Canadian Virtual War Memorial

Bertrand Peter Weatherill

In memory of:

Corporal Bertrand Peter Weatherill

September 17, 1916

Military Service


Service Number:

123146

Age:

23

Force:

Army

Unit:

Canadian Infantry (Central Ontario Regiment)

Division:

58th Bn.

Citation(s):

Not eligible for the 1914-15 Star, awarded the Victory Medal and British War Medal.

Additional Information


Born:

November 8, 1892

Enlistment:

September 7, 1915

Born in Oil City, Lambton County, Ontario. Son of Laura Louise Jarmaine (formerly Weatherill, nee Keating), Galt, Ontario, and the late Robert Weatherill. He enlisted on 7 September 1915 at London, Ontario. He had one year previous service with the Queen's Own Rifles. He stated he was employed as a banker and he was single.

Commemorated on Page 179 of the First World War Book of Remembrance. Request a copy of this page.

Burial Information


Cemetery:

VIMY MEMORIAL
Pas de Calais, France

Grave Reference:

N/A

Location:

Canada's most impressive tribute overseas to those Canadians who fought and gave their lives in the First World War is the majestic and inspiring Vimy Memorial, which overlooks the Douai Plain from the highest point of Vimy Ridge, about eight kilometres northeast of Arras on the N17 towards Lens. The Memorial is signposted from this road to the left, just before you enter the village of Vimy from the south. The memorial itself is someway inside the memorial park, but again it is well signposted. At the base of the memorial, these words appear in French and in English:

TO THE VALOUR OF THEIR COUNTRYMEN IN THE GREAT WAR AND IN MEMORY OF THEIR SIXTY THOUSAND DEAD THIS MONUMENT IS RAISED BY THE PEOPLE OF CANADA


Inscribed on the ramparts of the Vimy Memorial are the names of over 11,000 Canadian soldiers who were posted as 'missing, presumed dead' in France. A plaque at the entrance to the memorial states that the land for the battlefield park, 91.18 hectares in extent, was 'the free gift in perpetuity of the French nation to the people of Canada'. Construction of the massive work began in 1925, and 11 years later, on July 26, 1936, the monument was unveiled by King Edward VIII. The park surrounding the Vimy Memorial was created by horticultural experts. Canadian trees and shrubs were planted in great masses to resemble the woods and forests of Canada. Wooded parklands surround the grassy slopes of the approaches around the Vimy Memorial. Trenches and tunnels have been restored and preserved and the visitor can picture the magnitude of the task that faced the Canadian Corps on that distant dawn when history was made. On April 3, 2003, the Government of Canada designated April 9th of each year as a national day of remembrance of the Battle of Vimy Ridge.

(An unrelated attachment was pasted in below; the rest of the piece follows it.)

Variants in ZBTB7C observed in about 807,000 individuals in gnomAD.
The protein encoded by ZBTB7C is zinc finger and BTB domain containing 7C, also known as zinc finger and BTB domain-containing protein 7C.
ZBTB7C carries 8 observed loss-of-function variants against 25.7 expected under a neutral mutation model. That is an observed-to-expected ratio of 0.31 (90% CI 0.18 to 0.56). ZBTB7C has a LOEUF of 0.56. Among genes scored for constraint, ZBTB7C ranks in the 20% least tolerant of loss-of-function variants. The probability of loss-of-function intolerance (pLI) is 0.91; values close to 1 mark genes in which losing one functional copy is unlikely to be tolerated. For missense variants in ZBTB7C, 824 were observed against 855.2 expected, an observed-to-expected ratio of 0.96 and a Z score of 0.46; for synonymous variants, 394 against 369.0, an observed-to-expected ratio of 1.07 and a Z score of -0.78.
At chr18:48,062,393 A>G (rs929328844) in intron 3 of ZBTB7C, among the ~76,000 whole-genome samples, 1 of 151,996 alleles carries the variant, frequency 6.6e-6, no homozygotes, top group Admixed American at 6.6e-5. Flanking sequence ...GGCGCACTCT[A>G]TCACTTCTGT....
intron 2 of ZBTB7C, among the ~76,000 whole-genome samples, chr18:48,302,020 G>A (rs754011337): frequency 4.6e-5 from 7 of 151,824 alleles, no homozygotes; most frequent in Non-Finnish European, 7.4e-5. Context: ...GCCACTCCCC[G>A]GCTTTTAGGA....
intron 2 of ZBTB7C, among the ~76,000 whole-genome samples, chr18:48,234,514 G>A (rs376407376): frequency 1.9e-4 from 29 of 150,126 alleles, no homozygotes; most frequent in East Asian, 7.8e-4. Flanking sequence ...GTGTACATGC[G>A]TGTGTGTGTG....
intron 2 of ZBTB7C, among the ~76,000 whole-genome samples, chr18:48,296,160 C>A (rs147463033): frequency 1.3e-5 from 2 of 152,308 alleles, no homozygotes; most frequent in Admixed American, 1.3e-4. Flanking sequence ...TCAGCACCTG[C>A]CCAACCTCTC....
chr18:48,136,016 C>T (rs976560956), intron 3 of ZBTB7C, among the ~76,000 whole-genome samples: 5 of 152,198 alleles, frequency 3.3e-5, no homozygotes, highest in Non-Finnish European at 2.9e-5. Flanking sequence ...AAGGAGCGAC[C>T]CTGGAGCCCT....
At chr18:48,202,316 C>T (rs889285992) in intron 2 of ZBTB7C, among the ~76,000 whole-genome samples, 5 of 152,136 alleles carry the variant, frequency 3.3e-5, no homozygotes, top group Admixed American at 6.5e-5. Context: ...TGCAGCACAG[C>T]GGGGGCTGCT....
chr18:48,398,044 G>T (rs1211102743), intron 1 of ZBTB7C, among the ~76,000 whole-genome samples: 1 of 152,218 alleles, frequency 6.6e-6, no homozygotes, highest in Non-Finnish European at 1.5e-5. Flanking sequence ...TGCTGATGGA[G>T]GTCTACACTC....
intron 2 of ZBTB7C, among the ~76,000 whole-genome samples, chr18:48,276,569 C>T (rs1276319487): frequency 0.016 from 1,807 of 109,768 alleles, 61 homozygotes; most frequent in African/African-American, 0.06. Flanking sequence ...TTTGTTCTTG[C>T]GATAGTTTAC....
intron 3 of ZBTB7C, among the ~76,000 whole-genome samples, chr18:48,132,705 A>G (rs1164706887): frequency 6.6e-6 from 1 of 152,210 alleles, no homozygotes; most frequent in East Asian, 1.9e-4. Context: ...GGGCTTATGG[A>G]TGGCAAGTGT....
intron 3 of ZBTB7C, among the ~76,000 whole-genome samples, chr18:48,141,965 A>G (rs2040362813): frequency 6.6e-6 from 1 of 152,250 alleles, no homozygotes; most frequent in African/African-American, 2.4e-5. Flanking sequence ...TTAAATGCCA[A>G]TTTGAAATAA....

Information courtesy of the Commonwealth War Graves Commission.

Digital Collection

Send us your images
  • Memorial– His name as it is inscribed on the Vimy Memorial. Over 11,000 fallen Canadians having no known place of burial in France, are honoured on this Memorial. May they never be forgotten. (J. Stephens)
  • Newspaper Clipping
  • War Memorial– World War One memorial tablet, St. Paul's (Anglican), Bloor St. East, Toronto, Ontario. One of two memorial tablets set within a spectacular carved alabaster chancel screen. Erected in memory of the men of St. Paul's who died during the first World War and unveiled in March 1926. Each alabaster tablet incorporates mosaic work depicting kneeling angels holding a laurel wreath and a torch. Seventy-six names in total were listed by date of death. Inscribed: 'DYING AND BEHOLD WE LIVE', and 'So he passed over, and all the trumpets sounded for him on the other side.' (John Bunyan).
  • Inscription– World War One memorial tablet set in the chancel screen at St. Paul's (Anglican), Toronto, Ontario. The screen is in three sections, with the two outside sections displaying the tablets. The chancel screen includes statues of twelve historic figures including Admiral Earl Beatty, King George V, Earl Kitchener, Marshal Foch, Earl Haig, and Lord Byng of Vimy. The screen was the work of Messrs. J. Wippell & Co., of Exeter, England.

The great chancel war memorial windows are located above. These are inscribed: 'To the Greater Glory of God and in Everlasting Remembrance of the Men of St. Paul's Parish who gave their lives in Defence of Justice, Liberty and Truth, A.D. 1914-1919.' They were unveiled in 1921 by the Governor-General of Canada, Baron Byng of Vimy. Another World War One memorial window in honour of the men named on the tablets is located on the east wall of the Nave. The panels include fragments of glass from 70 buildings in the war zones. It was unveiled by Baron Byng of Vimy in 1922. Both windows were manufactured by Robert McCausland Ltd. of Toronto.

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